The assay utilized in these studies was originally developed by Schmidt.23 Reactions between recombinant BoNTA-LC and fluorescent peptide substrate described above were carried out in 40 mM HEPES/pH 7.4 at RT, in a total volume of 200 L in 96-well microplates. Substrate concentration in each reaction was 10 M and enzyme concentration was 200 nM. Reaction progress was measured continuously by increase in fluorescence at Ex = 398 nm, Em = 485 nm (Gemini XPS fluorescence plate reader, Molecular Devices Corp., Sunnyvale, CA) as the cleavage of the substrate relieved the quenching of DACIA fluorescence by the 2,4-dinitrophenyl-lysine. For inhibitor evaluation, compounds were added to each reaction from 100X DMSO stocks at each tested concentration to yield a final DMSO concentration of 1%. Control rates were measured in the presence of 1% DMSO. For each assessment, enzyme and inhibitor were pre-incubated for 30 min at RT before initiation of the reaction by substrate addition.

5.6.5. IC50 calculations

The initial velocity values for BoNTA-LC enzymatic cleavage of peptide substrate, recorded in the presence of 1% DMSO or one of a series of inhibitor concentrations, were plotted against inhibitor concentration. Each initial velocity value plotted represented the average of at least two reactions at each inhibitor concentration. The points were then fit to the following equation by non-linear regression analysis using the graphing program Prism (GraphPad Software, La Jolla, CA):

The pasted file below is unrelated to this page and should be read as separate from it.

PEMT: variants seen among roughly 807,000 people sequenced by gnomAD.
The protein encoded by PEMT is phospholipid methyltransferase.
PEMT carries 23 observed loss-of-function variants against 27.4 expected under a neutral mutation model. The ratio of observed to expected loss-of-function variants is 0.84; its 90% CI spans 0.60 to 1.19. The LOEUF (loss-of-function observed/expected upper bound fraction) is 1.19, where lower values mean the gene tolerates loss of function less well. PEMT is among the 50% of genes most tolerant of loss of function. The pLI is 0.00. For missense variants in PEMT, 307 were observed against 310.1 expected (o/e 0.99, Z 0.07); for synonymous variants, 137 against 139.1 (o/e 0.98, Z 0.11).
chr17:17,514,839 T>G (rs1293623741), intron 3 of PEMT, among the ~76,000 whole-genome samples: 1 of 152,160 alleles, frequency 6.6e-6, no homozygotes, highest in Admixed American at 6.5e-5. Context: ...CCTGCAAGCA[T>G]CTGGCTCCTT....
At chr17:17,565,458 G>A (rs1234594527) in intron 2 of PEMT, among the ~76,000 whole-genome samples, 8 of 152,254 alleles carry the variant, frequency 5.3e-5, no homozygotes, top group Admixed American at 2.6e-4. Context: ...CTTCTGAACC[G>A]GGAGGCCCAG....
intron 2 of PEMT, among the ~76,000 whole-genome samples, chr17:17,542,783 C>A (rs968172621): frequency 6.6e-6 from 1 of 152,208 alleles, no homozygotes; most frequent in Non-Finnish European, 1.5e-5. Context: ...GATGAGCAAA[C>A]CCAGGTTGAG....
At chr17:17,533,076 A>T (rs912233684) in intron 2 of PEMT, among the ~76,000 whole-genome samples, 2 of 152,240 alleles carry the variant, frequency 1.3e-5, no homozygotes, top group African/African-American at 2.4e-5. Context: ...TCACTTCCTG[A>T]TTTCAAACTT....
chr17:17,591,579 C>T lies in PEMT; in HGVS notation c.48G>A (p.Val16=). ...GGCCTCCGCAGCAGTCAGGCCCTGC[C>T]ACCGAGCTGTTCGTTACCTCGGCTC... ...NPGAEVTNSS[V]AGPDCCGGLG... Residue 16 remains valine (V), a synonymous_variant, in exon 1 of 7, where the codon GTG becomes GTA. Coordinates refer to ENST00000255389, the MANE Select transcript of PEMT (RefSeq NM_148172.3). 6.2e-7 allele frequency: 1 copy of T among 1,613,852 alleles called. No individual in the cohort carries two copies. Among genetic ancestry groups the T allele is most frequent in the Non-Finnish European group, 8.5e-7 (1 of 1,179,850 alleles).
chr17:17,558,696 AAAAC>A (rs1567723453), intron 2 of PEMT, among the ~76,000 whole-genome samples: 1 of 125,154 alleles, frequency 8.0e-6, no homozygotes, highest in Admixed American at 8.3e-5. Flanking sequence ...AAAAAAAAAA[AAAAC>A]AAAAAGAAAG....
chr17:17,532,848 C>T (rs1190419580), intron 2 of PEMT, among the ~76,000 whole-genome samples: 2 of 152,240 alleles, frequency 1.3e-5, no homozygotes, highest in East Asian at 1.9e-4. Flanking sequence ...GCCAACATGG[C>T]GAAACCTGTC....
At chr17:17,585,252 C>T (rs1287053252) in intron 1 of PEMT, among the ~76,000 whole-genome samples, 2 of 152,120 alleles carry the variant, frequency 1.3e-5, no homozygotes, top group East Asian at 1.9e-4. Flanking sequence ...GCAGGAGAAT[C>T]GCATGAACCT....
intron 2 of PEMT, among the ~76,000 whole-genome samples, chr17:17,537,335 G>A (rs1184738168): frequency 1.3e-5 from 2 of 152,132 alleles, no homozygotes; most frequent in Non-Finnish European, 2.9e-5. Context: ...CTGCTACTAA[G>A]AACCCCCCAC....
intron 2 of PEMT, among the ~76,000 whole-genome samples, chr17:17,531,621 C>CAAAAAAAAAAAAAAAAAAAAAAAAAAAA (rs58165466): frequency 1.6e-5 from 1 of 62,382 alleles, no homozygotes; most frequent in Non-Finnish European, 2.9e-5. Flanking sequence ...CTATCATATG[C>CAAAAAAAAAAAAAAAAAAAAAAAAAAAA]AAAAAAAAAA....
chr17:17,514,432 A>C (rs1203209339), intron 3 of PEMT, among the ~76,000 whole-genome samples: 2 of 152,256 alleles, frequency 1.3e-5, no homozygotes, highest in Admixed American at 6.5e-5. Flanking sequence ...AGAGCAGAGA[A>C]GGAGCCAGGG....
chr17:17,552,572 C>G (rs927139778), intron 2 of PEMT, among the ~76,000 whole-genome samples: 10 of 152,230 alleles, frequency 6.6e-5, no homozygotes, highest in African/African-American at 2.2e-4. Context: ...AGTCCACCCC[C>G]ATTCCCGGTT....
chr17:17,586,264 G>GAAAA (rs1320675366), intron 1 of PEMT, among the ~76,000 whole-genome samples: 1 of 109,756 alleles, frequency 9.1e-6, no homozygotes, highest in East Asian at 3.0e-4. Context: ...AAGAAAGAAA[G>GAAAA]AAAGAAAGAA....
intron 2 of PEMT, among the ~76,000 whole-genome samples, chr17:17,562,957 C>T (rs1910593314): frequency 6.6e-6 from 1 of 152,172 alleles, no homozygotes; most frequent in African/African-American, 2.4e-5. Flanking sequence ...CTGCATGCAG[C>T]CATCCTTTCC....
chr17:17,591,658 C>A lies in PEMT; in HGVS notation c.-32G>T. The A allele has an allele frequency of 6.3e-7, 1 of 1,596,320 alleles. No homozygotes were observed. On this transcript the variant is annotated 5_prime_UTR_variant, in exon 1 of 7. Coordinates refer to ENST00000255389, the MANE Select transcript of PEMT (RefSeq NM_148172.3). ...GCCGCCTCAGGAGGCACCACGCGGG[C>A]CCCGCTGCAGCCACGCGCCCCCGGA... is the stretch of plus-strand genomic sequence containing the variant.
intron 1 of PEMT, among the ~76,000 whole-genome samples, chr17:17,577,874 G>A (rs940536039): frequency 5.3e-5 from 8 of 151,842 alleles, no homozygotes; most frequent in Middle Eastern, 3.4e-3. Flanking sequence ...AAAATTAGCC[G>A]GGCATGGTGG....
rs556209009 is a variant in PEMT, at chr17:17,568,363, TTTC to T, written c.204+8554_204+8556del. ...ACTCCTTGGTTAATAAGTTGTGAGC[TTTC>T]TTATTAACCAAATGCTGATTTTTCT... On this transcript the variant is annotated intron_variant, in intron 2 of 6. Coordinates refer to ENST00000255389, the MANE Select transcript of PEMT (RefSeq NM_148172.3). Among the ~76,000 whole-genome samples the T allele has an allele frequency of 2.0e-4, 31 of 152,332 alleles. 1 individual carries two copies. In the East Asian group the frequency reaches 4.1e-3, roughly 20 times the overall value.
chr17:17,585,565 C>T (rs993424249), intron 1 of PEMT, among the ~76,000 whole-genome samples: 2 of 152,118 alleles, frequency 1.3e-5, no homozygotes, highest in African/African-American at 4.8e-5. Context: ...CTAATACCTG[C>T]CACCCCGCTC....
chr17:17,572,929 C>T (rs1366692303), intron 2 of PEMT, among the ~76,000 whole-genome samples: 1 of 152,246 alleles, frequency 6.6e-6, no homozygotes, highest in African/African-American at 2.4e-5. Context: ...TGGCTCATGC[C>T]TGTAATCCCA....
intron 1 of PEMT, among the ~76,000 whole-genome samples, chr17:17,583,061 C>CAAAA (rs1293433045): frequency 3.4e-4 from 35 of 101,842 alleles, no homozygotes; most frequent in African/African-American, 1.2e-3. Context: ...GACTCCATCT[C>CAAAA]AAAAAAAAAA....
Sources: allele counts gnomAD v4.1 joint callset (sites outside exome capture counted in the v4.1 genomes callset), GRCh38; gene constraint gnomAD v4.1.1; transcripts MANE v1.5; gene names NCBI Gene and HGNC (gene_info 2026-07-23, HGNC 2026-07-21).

Y=Bottom+(TopBottom)/(1+(X/IC50)n)

Where Y is the initial reaction velocity, Top is the upper asymptote of the resulting sigmoidal curve and Bottom is the lower asymptote, X is the concentration of inhibitor corresponding to the initial velocity Y, IC50 is the inhibitor concentration that achieves half-maximal enzyme inhibition, and n is the Hill coefficient for the curve (a measure of cooperativity of ligand binding). Reported potency values for each compound represent the average of at least two independent determinations, and are expressed in terms of IC50 because of the lack of mechanistic information for the complete set of compounds. Similar compounds with zinc-binding moieties have been demonstrated to bind in the active site of BoNTA-LC36 and therefore are likely to act as competitive inhibitors. This report and the fact that the peptide substrate is used at a concentration well below its Km for BoNTA-LC (100 M, see Schmidt23) predict that IC50 is roughly equivalent to Ki for this class of inhibitors, given that for competitive inhibitors Ki = IC50/(1+S/Km), where S is the initial substrate concentration in the reaction.

Acknowledgments

The authors are grateful to Dr. Tun-Li Shen of Brown University, Providence, RI for performing mass spectral analyses and Dr. Jin Hong and Alison Gallagher of Custom NMR Services, Ayer, MA for providing our group with NMR data. We thank Prof. Saul Tzipori and Tufts University School of Vetrinary Medicine Grafton, MA for their support in this work. This project has been funded in whole or in part with Federal funds from the Food and Waterborne Diseases Integrated Research Network (FWD IRN), the National Institute of Allergy and Infectious Diseases (NIAID), National Institutes of Health (NIH) and the United States Department of Health and Human Services (DHHS) under Contract No. N01-AI-30050.

Footnotes